Those who wish to be neurosurgeons may tailor their studies to include advanced classes in medical diagnostics, clinical research, surgical practice, and disease management. They may also choose to emphasize rotations that allow them to examine and treat patients at a teaching hospital under direct supervision by experienced brain surgeons.
Step 3: Pass the Medical Licensing Exam
The National Board of Medical Examiners and the Federation of State Medical Boards administer the United States Medical Licensing Examination (USMLE). The test can be taken right after medical school or within the first part of a residency program. Residency programs often rely on the scores from this test to choose qualifying residents. It is a legal requirement for aspiring physicians to pass the exam prior to practicing medicine in the United States.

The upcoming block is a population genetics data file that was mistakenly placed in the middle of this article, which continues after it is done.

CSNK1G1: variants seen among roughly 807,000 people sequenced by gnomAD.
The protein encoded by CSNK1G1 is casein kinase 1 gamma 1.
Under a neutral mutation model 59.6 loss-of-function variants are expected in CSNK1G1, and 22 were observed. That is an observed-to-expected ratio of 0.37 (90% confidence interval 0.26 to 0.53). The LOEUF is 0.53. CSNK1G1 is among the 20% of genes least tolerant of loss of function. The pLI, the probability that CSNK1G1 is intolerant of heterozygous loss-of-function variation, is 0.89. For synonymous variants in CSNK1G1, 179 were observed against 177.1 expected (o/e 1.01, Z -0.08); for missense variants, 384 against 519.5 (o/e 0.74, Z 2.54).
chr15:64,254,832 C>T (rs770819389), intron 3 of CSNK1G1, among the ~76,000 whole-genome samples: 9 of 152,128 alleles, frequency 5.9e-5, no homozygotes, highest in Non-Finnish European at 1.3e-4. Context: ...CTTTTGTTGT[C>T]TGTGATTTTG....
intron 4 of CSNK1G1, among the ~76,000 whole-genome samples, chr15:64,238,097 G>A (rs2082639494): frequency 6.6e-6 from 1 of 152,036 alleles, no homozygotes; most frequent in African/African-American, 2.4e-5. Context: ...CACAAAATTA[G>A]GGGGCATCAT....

Step 4: Complete Your Internship and Neurosurgical Residency Program
Upon earning an MD, neurosurgery requirements include completing a one-year hospital internship followed by a six to eight year neurosurgical residency. During the internship, aspiring surgeons learn to manage patients and develop other skills that will assist them later in their neurosurgery careers. During their residency, an aspiring surgeon will work alongside licensed surgeons learning skills and techniques essential to the field. Eventually, aspiring neurosurgeons will scrub in and assist with surgical procedures.
Step 5: Become State Licensed and Board Certified